In the Inhwa case, four teachers and administrators — including its principal and his brother — were convicted of raping or sexually molesting at least eight students aged 7 to 22, some orphaned or mentally disabled, from 2000 to 2004.

But only two of the four served any jail time. The principal was found guilty of raping a 13-year-old girl and taking a bribe of 3 million won, or $2,630, from a teacher. But he was freed when an appeals court suspended his sentence.

“The Crucible” graphically depicts sexual and physical violence against minors. But just as sensational is the cynical collusion it portrays among the elite of the movie’s fictional town of Mujin. A judge gives a lenient sentence to defendants represented by a lawyer who until recently was his colleague on the bench. A police detective pockets cash from a school principal who is both a church leader and sadistic rapist.

Scenes in the film showing demonstrations in support of the defendants mirror events in the Inhwa case.

“When court was in session, members of the Protestant church the principal and his family attended rallied outside the courthouse,” said Park Chan-dong, a human rights advocate who campaigned for the children. “They called us ‘evil’ and ‘Satan’ and loudly prayed that ‘hell fires’ would consume us.”

Judges, defense lawyers and police detectives involved in the Inhwa case have denied any misconduct. But to many here, some of the movie scenes look all too plausible.

“I wanted to show that, although our society has developed a lot, barbarous things still happen,” said the film’s director, Hwang Dong-hyeok.

Underneath the vibrancy of South Korea’s young democracy runs an unease about what many consider deepening inequality — a problem the government recognized last year when it listed “building a fair society” among its top policy goals.

Kim Yeh-ram, a college student who saw the film, said its release had “added fuel” to public outrage. The release followed a series of high-profile incidents that bolstered accusations that the state was failing to protect the vulnerable while some of the rich and powerful acted as if they were above the law.

Last year, for example, Chey Cheol-won, 41, a trucking company owner and cousin of one of the country’s richest men, was convicted of hitting a 52-year-old former union activist 13 times with an aluminum baseball bat while his executives watched. He then wrote out a 20 million won check on a company account and threw it in the victim’s face. Mr. Chey received a suspended sentence.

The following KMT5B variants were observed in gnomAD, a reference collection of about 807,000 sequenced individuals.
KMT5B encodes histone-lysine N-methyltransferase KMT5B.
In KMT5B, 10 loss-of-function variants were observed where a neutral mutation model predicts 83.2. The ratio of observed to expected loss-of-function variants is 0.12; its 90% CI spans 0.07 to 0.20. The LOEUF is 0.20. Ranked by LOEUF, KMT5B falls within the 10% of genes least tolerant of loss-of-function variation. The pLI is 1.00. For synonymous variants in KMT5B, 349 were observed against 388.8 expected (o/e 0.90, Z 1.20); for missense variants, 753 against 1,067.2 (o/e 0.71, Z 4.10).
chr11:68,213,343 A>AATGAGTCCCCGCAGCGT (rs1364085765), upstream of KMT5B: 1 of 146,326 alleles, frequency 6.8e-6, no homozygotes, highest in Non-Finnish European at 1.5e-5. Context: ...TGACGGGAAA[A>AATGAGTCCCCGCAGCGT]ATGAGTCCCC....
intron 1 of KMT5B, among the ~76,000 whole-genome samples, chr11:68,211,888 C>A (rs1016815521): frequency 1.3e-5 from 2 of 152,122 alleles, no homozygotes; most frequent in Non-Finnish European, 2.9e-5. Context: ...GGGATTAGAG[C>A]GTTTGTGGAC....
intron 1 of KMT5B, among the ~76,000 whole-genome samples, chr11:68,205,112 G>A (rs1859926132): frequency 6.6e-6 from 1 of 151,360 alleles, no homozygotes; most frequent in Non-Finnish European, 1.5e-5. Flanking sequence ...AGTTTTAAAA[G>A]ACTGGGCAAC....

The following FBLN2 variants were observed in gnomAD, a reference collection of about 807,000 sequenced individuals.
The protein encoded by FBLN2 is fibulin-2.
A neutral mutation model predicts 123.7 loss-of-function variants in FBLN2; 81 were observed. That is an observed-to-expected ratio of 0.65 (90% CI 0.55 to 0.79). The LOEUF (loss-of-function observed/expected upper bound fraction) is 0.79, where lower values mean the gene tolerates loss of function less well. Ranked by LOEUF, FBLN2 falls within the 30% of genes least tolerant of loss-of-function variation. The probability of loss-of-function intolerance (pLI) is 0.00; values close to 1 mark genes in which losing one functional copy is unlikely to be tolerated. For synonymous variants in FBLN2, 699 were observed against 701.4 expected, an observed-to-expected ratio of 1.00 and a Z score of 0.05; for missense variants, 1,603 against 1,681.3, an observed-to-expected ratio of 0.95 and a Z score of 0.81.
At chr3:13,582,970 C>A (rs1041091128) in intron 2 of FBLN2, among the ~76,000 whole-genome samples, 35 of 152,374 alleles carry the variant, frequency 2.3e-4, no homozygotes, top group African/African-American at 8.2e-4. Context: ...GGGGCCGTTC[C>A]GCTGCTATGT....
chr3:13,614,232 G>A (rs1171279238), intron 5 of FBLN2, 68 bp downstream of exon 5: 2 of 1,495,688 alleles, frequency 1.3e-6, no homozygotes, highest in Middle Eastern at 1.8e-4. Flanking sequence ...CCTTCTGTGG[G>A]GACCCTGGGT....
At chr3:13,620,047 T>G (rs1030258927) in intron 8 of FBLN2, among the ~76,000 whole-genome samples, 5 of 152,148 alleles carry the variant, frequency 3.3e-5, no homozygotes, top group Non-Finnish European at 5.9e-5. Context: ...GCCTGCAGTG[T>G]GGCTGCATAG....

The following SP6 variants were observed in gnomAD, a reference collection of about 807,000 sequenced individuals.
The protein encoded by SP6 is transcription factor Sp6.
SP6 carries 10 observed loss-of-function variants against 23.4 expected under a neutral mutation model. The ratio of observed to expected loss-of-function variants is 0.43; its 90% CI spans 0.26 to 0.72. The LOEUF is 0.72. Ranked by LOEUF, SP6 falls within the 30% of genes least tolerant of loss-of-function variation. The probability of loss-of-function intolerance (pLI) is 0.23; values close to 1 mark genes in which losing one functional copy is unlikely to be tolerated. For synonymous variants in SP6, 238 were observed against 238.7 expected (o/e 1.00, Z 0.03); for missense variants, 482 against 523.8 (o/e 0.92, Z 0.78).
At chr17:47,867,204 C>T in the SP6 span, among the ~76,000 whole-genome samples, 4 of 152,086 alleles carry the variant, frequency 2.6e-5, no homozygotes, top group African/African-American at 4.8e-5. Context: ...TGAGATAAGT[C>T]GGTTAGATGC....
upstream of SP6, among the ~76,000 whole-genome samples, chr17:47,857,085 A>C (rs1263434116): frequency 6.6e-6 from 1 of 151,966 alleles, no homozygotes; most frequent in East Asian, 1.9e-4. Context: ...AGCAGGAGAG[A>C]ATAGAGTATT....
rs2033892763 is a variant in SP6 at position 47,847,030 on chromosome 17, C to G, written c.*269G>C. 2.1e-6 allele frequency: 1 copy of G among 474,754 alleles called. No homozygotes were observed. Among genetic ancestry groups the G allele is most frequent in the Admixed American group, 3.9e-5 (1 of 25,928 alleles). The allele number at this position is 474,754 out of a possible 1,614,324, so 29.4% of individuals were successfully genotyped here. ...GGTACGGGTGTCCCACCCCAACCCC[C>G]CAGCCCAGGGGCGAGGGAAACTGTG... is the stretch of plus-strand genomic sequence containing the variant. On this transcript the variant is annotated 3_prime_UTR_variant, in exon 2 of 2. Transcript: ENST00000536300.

The number of sexual crimes against mentally or physically disabled people reported to the police was 320 last year, up from 199 in 2007, according to the National Police Agency. But the government estimates that fewer than 10 percent of victims report sexual crimes to the police for fear of being shamed in public trials.

In South Korea, sex crimes generally can be prosecuted only if the victim presses charges, and charges are often dropped if a financial settlement is reached between the defendant and the plaintiff. Two years ago, the law was revised to require that all sex crimes involving alleged victims aged 18 or under be prosecuted, even if they have not themselves pressed charges. Following the uproar over “The Crucible,” the government has promised to extend this to cases where the alleged victims are mentally or physically disabled.

When sexual assault cases involving victims aged 13 and under come to trial now, roughly 95 percent of defendants are found guilty, but penalties are weak, with about a third receiving prison terms and the rest receiving suspended sentences or assessed fines. Half of the teachers who were convicted of sexually assaulting their students or others were given nothing more severe than a pay cut or a short suspension, according to the Education Ministry.

“Many of the facilities for the disabled are stamping grounds for human rights abusers,” said Ser In-whan, secretary general of the Korean Federation of Organizations of the Disabled. “It’s not just Inhwa School.”

The Inhwa case came to light in 2005 when a teacher alerted human rights groups. For that, the teacher was fired.

The police began an investigation four months later, only after former students talked to a national TV station. As the Gwangju city government and school board tossed the case back and forth, students and parents staged a sit-in for eight months outside their offices, calling for justice.

In a movie scene that highlights the disconnect between the authorities and the disabled, a judge slams his gavel and shouts “Silence!” to deaf viewers in the galley using sign language. In the early days of the Gwangju trial, no sign-language translation was provided in the courtroom, Mr. Park said.

Im Eun-jeong, a prosecutor in the case, wrote in her diary at the time of a courtroom filled with “deaf children crying out silently to society with their sign language.”

She noted in the diary, which she recently posted online, “Their anger and despair made every hair on my body stand up.”

A View of Hunger in North Korea

Posted in Articles, Korea, News on October 9th, 2011


October 7, 2011, 12:34 pm